JavaScript: fast floor of numeric values using the tilde operator

OK, put this one in the completely weird bucket. It works, but damn it’s obscure.

tildephoto © 2010 Fling Poo | more info (via: Wylio)The tilde operator (~) is one of those bitwise operators that can be useful, but that aren’t used in general JavaScript programming. Put baldly, it inverts the bits of a 32-bit value. Bitwise NOT in other words.

OK, a step back. JavaScript doesn’t have 32-bit values; its number type is an IEEE double floating point value. There is an internal ‘abstract’ routine that’s known as ToInt32. ECMAScript v5 (pdf) defines it in clause 9.5:

  1. Let number be the result of calling ToNumber on the input argument.
  2. If number is NaN, +0, -0, +8, or -8, return +0.
  3. Let posInt be sign(number) * floor(abs(number)).
  4. Let int32bit be posInt modulo 232.
  5. If int32bit is greater than or equal to 231, return int32bit - 232, otherwise return int32bit.

So, in essence it takes a floating point number value, calculates its floor as a 32-bit signed integer. There’s a big problem with it though: it’s internal and we can’t ever access it directly. It’s also ‘abstract’, which means it doesn’t exist per se, the interpreter/compiler is free to apply any old optimization it needs to. We can only use its behavior when we use some operator that works on 32-bit integers: JavaScript will make the conversion for us, do the operation on the 32-bit operator, and then convert the answer back to a number variable. The operators I’m talking about here are the bitwise operators: << (left shift), >> (right shift with sign extension), >>> (right shift with zero fill), & (bitwise AND), | (bitwise OR), ^ (bitwise XOR) and our new friend ~ (bitwise NOT).

The nice thing about bitwise NOT is that it’s unary and, if you apply it twice, you get the same 32-bit integer you started with. (I think you’re beginning to see where this is going…)

OK. let’s suppose we write a dice-throwing function. It’s got to return an integer between 1 and 6. A first cut might look like this:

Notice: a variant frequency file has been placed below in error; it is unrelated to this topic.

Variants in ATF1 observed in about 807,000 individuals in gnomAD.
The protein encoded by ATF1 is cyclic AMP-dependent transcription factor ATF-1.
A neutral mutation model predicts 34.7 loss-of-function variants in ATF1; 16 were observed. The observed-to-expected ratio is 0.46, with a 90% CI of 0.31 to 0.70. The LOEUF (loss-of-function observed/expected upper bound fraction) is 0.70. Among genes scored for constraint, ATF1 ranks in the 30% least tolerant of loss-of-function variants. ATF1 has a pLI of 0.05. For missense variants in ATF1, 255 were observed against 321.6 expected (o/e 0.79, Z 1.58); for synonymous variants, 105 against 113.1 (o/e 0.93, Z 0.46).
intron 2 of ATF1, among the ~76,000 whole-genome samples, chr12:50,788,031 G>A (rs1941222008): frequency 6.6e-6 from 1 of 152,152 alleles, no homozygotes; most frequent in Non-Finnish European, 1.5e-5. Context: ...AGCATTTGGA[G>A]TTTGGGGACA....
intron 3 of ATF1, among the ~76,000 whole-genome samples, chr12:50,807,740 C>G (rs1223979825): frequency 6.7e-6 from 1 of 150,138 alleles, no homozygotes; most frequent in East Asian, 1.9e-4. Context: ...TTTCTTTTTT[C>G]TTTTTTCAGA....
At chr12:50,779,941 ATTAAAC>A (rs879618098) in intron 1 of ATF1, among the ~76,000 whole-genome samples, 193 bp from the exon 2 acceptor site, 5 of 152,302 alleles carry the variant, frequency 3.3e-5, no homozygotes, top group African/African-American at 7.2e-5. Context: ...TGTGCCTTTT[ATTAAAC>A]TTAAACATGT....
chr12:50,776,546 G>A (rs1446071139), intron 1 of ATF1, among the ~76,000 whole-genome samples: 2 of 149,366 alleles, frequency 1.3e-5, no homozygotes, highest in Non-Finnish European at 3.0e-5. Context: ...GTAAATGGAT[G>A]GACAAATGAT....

var throwDie = function () {
  return Math.floor(Math.random() * 6) + 1;

Nice and obvious: Math.random() returns a value between 0.0 (inclusive) and 1.0 (exclusive), we multiply by 6 (0.0 <= value < 6.0), take the floor (integer, 0 <= value < 6), and add 1.

However, using our new knowledge we can write:

var throwDie = function () {
  return ~~(Math.random() * 6) + 1;

The first application of the tilde operator takes the floor for us and NOTs it (well, to be pedantic, it applies the abstract function above to get a floored 32-bit value and then NOTs that), so we apply the tilde operator again to undo the NOT. Double tilde stands in for Math.floor(), providing that we’re talking about numbers in the 32-bit signed integer range.

Less typing, but, boy, is it obscure!

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1 Response

#1 Chilla42o said...
28-Jul-11 5:06 AM

The tilde operator applied to arrays makes a fast and easy inArray-check:

Single tilde:

~['apple','banana','ananas'].indexOf('banana'); // = -2 (negative index starting with -1, 0 if not found)

~['apple','banana','ananas'].indexOf('orange'); // = 0 / not found

Double tilde:

~~['apple','banana','ananas'].indexOf('banana');  // = 1 (positive index starting with 0, -1 if not found)

~~['apple','banana','ananas'].indexOf('orange'); // = -1 / not found
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